This morning I woke up early and was torn between the calling of more sleep and the calling of a quiet hour.
Quiet before the giggles of grand babies. Quiet before the weird and disturbing sounds of Coulter talking to himself playing night fort . Quiet before you-tube.
Jesus, take the slime.
Quiet before dogs and arguments and hurts and joys.
And garage sales. I’m on a super-secret (not that secret) mission that involves garage sales.
I chose quiet.
I opened my Bible to Isaiah. I love Isaiah because God goes to battle for us. Isaiah reminds us that God goes before us and he’s also our rear God.
Right? He’s got our back.
And I will readily admit, since the hurts of my marriage and divorce, I too often find myself ready for battle.
The verse that jumped off the page (primarily because I’ve underlined it) is “For I will contend with those who contend with you.”
Uhm, yes please.
You know Coulter as my son’s name. It’s also our family name. I come from a long line of strong-willed, well-spoken, intelligent Coulter women.
Combine that with what we call the “Hale temper” and well—
I have trouble remembering that the Lord will contend with those who contend with me.
Blaming my hot temper on my family may seem unfair and perhaps like I’m not taking responsibility for my own actions, but, ya know, I’m OK with that.
Yesterday, someone that I once considered a friend posted something I deemed as tasteless and rude and hurtful on Facebook. So, whatever, I did the only thing a respectable Hale-Coulter woman could do.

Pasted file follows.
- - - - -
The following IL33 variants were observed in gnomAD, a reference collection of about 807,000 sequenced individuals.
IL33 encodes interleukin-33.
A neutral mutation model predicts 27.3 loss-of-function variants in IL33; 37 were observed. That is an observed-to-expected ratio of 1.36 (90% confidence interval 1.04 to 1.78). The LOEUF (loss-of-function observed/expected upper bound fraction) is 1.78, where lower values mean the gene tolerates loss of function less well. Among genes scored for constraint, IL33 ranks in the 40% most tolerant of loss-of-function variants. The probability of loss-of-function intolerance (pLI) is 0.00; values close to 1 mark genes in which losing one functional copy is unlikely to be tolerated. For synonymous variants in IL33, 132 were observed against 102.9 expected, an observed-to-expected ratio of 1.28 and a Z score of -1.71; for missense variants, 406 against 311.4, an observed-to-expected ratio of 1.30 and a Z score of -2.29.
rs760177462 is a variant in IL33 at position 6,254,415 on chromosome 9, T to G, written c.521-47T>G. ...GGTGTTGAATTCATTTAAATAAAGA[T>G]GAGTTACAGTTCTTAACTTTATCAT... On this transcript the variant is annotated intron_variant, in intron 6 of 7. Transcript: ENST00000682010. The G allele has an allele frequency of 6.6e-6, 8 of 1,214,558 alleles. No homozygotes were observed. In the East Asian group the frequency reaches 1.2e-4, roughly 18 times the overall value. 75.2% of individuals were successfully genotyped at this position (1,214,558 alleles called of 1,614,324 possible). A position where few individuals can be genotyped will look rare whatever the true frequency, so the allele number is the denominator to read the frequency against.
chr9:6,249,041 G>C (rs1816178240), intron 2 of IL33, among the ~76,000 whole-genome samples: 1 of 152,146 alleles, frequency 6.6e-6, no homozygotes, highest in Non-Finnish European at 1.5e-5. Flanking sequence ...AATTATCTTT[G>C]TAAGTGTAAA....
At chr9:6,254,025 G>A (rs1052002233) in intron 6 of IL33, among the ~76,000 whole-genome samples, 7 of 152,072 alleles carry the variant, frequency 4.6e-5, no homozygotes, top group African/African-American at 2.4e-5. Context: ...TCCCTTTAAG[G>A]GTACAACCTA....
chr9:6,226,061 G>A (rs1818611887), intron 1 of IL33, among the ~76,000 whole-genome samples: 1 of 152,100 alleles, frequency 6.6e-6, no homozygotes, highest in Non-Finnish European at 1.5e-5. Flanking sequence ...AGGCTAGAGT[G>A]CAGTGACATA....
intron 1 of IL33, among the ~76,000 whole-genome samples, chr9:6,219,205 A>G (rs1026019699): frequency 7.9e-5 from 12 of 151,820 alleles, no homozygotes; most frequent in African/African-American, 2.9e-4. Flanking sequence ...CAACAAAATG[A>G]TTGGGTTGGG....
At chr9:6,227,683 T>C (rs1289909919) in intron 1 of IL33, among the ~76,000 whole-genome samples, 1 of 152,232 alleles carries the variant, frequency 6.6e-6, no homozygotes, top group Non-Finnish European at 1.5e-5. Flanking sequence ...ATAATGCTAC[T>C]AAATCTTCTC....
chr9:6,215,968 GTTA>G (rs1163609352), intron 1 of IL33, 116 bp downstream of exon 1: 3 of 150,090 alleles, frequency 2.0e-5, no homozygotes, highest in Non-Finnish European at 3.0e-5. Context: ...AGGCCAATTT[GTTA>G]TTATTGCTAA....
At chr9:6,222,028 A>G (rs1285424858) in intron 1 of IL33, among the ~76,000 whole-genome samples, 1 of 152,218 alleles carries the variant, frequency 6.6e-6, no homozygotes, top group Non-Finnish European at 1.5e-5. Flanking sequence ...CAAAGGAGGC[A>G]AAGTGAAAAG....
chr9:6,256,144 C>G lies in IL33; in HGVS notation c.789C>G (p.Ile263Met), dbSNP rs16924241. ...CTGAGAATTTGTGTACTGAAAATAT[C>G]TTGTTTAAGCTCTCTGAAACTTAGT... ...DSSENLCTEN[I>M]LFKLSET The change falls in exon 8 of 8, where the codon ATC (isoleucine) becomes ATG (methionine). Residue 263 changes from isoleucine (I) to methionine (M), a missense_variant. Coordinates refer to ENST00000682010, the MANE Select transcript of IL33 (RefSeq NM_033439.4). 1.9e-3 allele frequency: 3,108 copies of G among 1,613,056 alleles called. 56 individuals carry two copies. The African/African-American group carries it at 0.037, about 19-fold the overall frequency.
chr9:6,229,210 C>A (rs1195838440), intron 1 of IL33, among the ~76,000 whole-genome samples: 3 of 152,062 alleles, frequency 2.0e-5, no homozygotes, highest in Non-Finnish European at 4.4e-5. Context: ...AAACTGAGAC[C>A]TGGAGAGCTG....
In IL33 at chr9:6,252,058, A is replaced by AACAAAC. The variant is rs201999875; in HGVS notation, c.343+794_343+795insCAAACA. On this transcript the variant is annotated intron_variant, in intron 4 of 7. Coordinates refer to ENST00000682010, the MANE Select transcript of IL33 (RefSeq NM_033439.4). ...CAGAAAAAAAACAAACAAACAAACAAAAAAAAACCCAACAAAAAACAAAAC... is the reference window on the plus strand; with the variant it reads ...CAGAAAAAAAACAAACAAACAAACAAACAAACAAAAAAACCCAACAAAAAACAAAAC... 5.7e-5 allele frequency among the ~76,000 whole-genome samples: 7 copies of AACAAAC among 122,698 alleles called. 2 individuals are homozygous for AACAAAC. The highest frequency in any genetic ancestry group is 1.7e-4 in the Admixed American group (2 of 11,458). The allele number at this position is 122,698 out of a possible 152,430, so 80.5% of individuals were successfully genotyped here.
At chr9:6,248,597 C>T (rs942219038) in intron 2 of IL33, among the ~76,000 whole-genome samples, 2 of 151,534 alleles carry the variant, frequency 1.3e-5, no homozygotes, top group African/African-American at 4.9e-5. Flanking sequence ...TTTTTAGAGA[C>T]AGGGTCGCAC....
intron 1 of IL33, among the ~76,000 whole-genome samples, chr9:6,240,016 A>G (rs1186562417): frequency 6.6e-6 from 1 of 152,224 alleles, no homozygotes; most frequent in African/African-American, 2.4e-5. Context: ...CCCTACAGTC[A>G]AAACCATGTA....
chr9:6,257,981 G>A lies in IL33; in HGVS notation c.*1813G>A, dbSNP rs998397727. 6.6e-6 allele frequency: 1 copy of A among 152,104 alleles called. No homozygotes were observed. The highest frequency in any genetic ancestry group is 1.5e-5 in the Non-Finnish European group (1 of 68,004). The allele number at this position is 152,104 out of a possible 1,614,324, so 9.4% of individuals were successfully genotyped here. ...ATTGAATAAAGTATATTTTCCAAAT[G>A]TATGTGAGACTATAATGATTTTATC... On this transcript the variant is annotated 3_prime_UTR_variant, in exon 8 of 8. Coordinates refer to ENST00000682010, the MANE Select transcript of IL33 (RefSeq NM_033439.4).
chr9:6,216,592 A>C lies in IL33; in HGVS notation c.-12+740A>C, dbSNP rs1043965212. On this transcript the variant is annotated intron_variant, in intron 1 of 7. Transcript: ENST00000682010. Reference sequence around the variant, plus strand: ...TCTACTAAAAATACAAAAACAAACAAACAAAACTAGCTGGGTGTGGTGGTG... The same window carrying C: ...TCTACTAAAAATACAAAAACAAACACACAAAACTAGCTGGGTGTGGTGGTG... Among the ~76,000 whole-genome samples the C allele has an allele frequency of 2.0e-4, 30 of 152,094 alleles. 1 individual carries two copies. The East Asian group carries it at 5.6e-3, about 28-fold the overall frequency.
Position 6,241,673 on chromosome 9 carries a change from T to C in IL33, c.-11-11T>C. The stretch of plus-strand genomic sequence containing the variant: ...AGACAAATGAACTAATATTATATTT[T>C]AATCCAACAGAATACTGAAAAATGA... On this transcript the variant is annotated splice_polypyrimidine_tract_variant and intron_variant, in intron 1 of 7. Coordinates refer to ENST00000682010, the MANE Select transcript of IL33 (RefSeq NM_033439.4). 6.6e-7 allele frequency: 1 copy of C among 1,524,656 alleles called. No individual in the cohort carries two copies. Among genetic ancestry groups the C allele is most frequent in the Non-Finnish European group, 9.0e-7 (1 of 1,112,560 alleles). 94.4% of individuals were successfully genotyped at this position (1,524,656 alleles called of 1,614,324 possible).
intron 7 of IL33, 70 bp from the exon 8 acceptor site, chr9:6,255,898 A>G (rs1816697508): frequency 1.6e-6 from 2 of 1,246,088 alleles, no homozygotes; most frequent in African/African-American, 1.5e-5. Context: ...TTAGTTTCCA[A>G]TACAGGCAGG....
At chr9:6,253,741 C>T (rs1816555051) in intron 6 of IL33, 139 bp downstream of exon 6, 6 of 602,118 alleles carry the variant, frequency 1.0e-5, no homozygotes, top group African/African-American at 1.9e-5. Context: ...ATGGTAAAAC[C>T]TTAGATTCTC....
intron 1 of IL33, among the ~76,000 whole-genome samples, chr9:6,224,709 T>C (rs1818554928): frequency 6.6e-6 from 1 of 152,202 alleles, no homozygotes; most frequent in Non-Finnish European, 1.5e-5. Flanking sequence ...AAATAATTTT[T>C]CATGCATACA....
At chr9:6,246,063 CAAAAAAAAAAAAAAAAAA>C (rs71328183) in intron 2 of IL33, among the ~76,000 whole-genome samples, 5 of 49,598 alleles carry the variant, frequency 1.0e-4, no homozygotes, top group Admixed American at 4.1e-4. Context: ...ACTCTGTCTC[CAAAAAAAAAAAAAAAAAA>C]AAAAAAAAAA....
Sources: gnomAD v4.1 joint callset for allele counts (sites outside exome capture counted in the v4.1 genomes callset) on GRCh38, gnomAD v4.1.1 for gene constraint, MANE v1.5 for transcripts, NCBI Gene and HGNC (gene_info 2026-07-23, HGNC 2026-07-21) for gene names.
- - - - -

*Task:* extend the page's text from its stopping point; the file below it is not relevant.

Simply and sarcastically, I wrote.
I also cancelled the business we have with them.
And I may have a hot temper, but I’m no hypocrite. When I called to cancel, I gave my name and said, quite professionally,
“If you’re going to be so ugly to me on Facebook, I’m taking my water business elsewhere.”
Jesus, help me.
It turned into the whole thing and I let other people steal my joy for a whole day.
Ready for a Facebook feud, someone jumped on the feed and posted the definition of the word classy, as if I were somehow unaware of what classy meant.
She also referred to me as someone claiming to be “such Christian folk.”
So folksy we are here in Nebraska.
And this is where we miss it.
Being a Christian means I have a savior.
I have a savior because I NEED a savior.
We make mistakes. We over react. We lose our temper. We are too sensitive. We doubt. We believe.
We say, “Jesus, I believe, help my unbelief.”
I don’t claim to be Christian folk because I don’t use the word folk.
The 27:17 of our training studio comes from Proverbs 27:17. “Just as iron sharpens iron, so man sharpens man.”
Iron is not soft. And this sharpening and this transforming and this being made new is not easy work and I get it wrong.
But Christian, yes. Lover of Jesus, yes.
Every morning I walk into my kitchen with a beautiful reminder on my counter that “His mercies are new every morning.”
This is such good news for Christian folk like me.
Dear Amanda, Christian folks get it wrong all the time. The beauty of our faith, though; the miracle of our faith is that we have a mighty Savior to run to.
He holds. He catches. He forgives. He offers new morning mercies for today and for tomorrow and yes, if I will just remember and let him—
He will contend with those that contend with me.